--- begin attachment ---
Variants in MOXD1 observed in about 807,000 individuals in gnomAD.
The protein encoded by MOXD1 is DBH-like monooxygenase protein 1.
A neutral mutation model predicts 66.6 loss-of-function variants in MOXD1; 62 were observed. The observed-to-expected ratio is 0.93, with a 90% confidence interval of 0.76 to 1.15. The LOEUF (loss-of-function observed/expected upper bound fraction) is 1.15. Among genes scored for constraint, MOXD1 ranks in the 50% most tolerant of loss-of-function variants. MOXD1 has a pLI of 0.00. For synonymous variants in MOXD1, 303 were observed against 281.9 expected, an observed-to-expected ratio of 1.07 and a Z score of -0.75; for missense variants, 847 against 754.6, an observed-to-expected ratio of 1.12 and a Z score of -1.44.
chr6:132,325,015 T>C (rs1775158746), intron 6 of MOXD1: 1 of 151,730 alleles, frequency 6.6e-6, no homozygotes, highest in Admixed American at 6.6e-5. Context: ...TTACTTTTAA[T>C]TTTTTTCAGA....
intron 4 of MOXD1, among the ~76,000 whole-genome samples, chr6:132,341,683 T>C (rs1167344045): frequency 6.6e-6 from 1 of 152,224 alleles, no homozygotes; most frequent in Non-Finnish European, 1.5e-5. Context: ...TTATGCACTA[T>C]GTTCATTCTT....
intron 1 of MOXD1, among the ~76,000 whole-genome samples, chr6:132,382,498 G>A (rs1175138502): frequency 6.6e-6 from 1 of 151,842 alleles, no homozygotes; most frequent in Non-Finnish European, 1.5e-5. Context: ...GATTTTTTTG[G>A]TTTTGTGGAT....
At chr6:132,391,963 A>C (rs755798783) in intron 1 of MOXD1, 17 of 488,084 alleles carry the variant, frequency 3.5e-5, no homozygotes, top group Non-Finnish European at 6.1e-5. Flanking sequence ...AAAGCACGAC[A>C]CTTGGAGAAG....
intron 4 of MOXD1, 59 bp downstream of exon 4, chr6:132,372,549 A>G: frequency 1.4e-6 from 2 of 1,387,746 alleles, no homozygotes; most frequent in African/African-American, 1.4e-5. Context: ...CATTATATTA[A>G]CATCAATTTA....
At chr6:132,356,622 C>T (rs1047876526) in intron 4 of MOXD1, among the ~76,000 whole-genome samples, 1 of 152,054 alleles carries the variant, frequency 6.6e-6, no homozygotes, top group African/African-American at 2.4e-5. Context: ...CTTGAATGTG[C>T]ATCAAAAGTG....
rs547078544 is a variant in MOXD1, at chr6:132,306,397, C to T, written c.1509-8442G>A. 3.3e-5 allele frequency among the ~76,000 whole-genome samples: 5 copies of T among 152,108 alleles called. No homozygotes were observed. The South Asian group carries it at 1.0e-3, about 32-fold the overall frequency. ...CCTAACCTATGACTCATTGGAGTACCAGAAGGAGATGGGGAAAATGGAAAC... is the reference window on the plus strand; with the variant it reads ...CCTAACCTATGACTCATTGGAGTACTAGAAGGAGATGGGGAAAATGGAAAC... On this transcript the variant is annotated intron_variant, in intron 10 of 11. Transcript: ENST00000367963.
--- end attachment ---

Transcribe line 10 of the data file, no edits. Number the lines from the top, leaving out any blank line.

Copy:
rs547078544 is a variant in MOXD1, at chr6:132,306,397, C to T, written c.1509-8442G>A. 3.3e-5 allele frequency among the ~76,000 whole-genome samples: 5 copies of T among 152,108 alleles called. No homozygotes were observed. The South Asian group carries it at 1.0e-3, about 32-fold the overall frequency. ...CCTAACCTATGACTCATTGGAGTACCAGAAGGAGATGGGGAAAATGGAAAC... is the reference window on the plus strand; with the variant it reads ...CCTAACCTATGACTCATTGGAGTACTAGAAGGAGATGGGGAAAATGGAAAC... On this transcript the variant is annotated intron_variant, in intron 10 of 11. Transcript: ENST00000367963.